A word about weather: There is no weather per se in this book. Passing reference is made to weather in a few instances. Assume whatever season you like throughout. Summer makes the most sense in a book of this length. That way, pages do not have to be used up describing people taking off and putting on overcoats.(5)

Or this, about Oreo:

she had her mother’s love of words, their nuance and precision, their rock and wry. When told at an early age that she would one day have to seek out her father to learn the secret of her birth, she said, “I am going to find that motherfucker.” In her view, the last word was merely le mot juste(37)

There are so many funny set pieces I can’t even begin to describe or quote from all the ones I like, but some highlights for me included a letter from Oreo’s mom to her and her brother about the time she had a job filling in dyeless spots on a faulty shipment of dresses, a whole bit about Oreo’s tutors, and the part where Oreo realizes she forgot to bring the gift she was planning to give her father, which is a plaster of Paris cast of his son’s uncircumcised penis.

Not that it’s all humor. As Harryette Mullen puts it in her afterword, “Oreo is a character whose linguistic and cultural competence allows her to travel between two distinct minority cultures, while enjoying the resources of the dominant culture and exploring her own identity” (215). Like Danzy Senna said: badass.

Near the start of Photobooth: A Biography, Meags Fitzgerald talks about taking photobooth pictures with a friend in 2003 to celebrate the last day of classes of tenth grade, and how, after that day, she got very into photobooths: taking photobooth pictures, learning about the history of the booths themselves, and collecting photobooth pictures taken by others. The rest of the book talks about Fitzgerald’s experience with all those things, and also about various photobooth-related travels she’s taken, including a trip to California for the International Photobooth Convention and visits to photobooth warehouses in Montréal and Holland.

I am really fond of this kind of book in general—I find it easier to find “graphic memoirs” or illustrated travel journals or nonfiction comics that I like than I do to find graphic novels I’m excited about—and also, I like photobooths. So it’s not surprising that I really liked this book. Fitzgerald’s drawings of photobooths, photobooth pictures, herself, and various people she met on her travels are really satisfying, and pair well with the text. I liked reading about various different angles of photobooth history/production/art/culture, including but not limited to: how chemical photobooths work and what their charms are, and how they’re largely being replaced by lower-maintenance digital ones; the precursors to the photobooth and various inventors and companies whose work shaped the photobooth landscape; why photobooths appealed to Fitzgerald in high school, and how her relationship to them has changed over time, along with the art she’s made in them; how photobooths have been used by various artists and ordinary people throughout their existence. (Speaking of Fitzgerald’s photobooth art, I like it, and you can see more of it here and here.)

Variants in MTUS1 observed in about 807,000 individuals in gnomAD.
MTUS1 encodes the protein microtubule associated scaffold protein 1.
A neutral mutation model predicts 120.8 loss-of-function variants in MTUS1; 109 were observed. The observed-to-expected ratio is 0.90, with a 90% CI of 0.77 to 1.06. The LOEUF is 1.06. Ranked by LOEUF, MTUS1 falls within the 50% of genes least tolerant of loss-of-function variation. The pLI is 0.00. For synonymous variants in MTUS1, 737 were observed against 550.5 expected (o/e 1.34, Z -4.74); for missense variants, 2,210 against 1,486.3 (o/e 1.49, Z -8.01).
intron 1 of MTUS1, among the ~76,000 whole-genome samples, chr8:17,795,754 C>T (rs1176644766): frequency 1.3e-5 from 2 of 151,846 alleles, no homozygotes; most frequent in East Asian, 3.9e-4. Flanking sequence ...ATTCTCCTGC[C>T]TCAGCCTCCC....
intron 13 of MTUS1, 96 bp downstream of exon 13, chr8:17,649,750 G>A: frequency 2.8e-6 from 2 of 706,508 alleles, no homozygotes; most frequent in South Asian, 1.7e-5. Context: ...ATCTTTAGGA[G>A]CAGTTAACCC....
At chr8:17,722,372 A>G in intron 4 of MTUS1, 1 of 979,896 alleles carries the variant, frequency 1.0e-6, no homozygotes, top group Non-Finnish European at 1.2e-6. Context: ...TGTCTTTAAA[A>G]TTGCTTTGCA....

This book makes me nostalgic for my own photobooth experiences circa 2004-2007, when New York City, like other places, had more non-digital photobooths than now. I was amused to be reminded of the existence of photobooth.net, where the picture for the now-departed photobooth at the Wonder Wheel has me in it. More photobooth pictures featuring a younger me are here and here and here. Awww. Also, this:

Speak starts with a prologue narrated by a doll that’s been “banned and marked for disposal” for being “excessively lifelike” (2). “I review stored information,” the doll says (3). It tells us it’s been “programmed to select which of [its] voices responds to the situation at hand: moving west in the desert, waiting for the loss of [its] primary function” (3). And so the stories that follow, the voices that follow, are people who have lost or are losing something, or multiple things: people, places, love, a sense of connection, a sense of purpose. There’s Stephen Chinn, who invented the babybots, those “excessively lifelike” dolls, and has been writing his memoirs from prison. There’s Gaby White, a teenager who, like others, was stricken with a spreading paralysis when her babybot was confiscated. There’s a married couple, Karl and Ruth Dettman, both Jewish refugees from Germany. There’s Alan Turing, writing letters to the mother of his childhood friend. And there’s Mary Bradford, a 13-year-old diarist in 1663, heading off to Massachusetts Bay Colony with her family.